Facebook has not shut down an AI Program That Was Getting Dangerously Smart

Around the middle of the month, FastCo Design had reported about two AI agents designed by Facebook who invented their own gibberish language and were subsequently turned off by the company. This was quickly taken up and reported as the advent of the machines and various other variants of gloom and doom in which AI will take over human lives.

A snippet of the conversation,

Bob: “I can can I I everything else.”

Alice: “Balls have zero to me to me to me to me to me to me to me to me to.”

Fortunately, Facebook’s AI Research (FAIR) unit had posted a blog entry on the topic last month which explained the purpose behind these two AI agents. The purpose behind these AI was to showcase that it is “possible for dialog agents with differing goals (implemented as end-to-end-trained neural networks) to engage in start-to-finish negotiations with other bots or people while arriving at common decisions or outcomes.” Given a certain set of tasks which in this case was the discussion of how to barter for certain goods (in this case books, hats and balls) till both parties are agreeable.

FAIR machine learning bots in conversation

The end goal was to get a chatbot (which are fairly commonplace) which could learn from human interaction to negotiate deals seamlessly with an end user in a manner that said user would not realise they are interacting with a bot. This goal was met according to FAIR. Now the catch in this whole system was that the bots were not incentivised to use English or some other human comprehensible language and thus they fell back to a gibberish language that was best suited to their tasks which bereft of context does come off as creepy.

Speaking on point, FAIR Visiting Researches, Dhruv Batra stated,

“Agents will drift off understandable language and invent code words for themselves. Like if I say ‘the’ five times, you interpret that to mean I want five copies of this item. This isn’t so different from the way communities of humans create shorthands.”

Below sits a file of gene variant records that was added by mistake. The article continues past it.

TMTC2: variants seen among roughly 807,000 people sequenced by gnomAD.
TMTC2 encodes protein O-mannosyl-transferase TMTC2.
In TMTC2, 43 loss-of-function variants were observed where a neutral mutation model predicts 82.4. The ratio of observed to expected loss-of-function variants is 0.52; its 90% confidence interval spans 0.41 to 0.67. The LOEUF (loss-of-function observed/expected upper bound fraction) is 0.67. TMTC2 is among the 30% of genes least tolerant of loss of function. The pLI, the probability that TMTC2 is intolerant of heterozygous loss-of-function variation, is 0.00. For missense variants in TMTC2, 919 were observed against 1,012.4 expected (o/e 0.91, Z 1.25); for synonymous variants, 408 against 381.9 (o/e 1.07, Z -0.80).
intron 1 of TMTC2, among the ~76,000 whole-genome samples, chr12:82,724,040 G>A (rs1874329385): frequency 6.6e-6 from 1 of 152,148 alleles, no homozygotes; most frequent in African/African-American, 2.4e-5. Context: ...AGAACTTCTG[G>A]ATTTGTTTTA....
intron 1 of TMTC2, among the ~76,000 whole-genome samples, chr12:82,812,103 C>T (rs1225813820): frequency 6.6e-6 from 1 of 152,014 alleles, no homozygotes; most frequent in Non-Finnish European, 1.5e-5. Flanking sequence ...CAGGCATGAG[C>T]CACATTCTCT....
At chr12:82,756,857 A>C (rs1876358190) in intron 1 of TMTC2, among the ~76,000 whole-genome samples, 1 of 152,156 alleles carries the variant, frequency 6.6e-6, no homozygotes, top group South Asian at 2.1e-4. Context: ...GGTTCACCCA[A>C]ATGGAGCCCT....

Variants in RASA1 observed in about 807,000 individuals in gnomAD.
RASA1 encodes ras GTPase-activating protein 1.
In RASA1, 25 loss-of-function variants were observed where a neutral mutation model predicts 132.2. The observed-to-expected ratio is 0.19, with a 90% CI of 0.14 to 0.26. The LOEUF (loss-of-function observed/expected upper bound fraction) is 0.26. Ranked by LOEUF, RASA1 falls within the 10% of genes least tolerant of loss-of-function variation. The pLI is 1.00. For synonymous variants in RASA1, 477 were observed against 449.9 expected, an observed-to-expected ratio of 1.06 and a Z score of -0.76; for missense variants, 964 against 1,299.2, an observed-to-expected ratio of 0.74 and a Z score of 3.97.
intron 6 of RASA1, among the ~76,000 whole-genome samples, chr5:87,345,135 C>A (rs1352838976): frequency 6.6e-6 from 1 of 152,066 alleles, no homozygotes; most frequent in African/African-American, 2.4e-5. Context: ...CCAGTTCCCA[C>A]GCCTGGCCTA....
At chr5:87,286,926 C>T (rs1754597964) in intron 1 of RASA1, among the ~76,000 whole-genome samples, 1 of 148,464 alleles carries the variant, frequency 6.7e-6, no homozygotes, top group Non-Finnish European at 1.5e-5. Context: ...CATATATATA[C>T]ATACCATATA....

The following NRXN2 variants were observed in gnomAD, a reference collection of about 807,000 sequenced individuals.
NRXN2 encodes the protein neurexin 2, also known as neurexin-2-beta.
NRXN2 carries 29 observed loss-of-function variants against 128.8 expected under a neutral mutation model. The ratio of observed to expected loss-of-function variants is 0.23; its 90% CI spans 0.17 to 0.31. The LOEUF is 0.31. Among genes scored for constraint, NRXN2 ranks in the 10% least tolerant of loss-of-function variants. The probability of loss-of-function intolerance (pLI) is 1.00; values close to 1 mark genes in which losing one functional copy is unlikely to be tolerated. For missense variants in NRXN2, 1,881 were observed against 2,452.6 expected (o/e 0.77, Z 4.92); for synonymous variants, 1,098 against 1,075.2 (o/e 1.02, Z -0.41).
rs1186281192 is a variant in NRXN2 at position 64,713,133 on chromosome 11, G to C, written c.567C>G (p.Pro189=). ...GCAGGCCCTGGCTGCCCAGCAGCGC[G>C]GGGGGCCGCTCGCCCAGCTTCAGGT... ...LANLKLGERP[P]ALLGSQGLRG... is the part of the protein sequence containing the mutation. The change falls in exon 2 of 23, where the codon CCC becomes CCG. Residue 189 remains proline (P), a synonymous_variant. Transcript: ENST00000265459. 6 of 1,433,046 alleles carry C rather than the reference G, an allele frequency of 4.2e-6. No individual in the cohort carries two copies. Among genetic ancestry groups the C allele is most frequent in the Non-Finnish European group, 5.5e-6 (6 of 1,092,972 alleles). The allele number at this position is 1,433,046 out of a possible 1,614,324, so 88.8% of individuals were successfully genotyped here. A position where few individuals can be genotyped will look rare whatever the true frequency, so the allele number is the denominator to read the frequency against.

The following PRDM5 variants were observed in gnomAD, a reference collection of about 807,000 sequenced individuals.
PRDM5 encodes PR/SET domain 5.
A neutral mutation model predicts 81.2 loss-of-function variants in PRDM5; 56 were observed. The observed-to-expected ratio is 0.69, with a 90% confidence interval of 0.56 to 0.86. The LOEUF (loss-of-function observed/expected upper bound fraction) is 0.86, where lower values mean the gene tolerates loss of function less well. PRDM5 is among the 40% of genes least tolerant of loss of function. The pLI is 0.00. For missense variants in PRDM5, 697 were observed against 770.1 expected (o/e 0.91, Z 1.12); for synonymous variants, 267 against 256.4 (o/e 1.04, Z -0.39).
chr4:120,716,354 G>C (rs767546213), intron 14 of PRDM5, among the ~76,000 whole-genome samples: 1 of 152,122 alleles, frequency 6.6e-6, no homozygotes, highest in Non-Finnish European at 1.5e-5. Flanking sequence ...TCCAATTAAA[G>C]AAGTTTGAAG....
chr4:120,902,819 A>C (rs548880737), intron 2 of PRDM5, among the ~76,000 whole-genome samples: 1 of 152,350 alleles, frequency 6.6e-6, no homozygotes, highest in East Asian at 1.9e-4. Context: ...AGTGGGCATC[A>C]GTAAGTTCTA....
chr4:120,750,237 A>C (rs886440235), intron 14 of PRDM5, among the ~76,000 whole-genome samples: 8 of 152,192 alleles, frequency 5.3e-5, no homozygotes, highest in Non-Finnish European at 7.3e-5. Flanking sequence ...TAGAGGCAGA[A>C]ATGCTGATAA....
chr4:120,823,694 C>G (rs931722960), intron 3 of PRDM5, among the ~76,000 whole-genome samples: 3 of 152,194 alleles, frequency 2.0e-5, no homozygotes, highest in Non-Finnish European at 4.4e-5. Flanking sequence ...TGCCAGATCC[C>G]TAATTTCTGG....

Facebook did shut down the conversation but this was not because of some threat of imminent nuclear war but due to far more mundane considerations. FAIR Researcher Mike Lewis told FastCo that the intention of the project was to have bots that could converse fluently with humans not each other. Thus, the team is working on training the bots to converse in a more legible means.
FAIR Dialog rollouts
Although it would behove us to be more mindful of such incidents, this is what happens when you let two machine learning devices and let them learn from each other without any boundaries. Though once put in context these messages are not half as threatening as some news stories painted them to be. The more imminent danger of such uncontrolled language mutations would be in the case of debugging such a system when it goes wrong.
Going forward, we will see more and more such chatbots coming into play as AI takes over more and more mundane tasks and yes it would require human oversite but that does not equate to overreach. Hopefully, this means we do not entrust something as dangerous as a network of killer robots and nuclear silos to a master AI.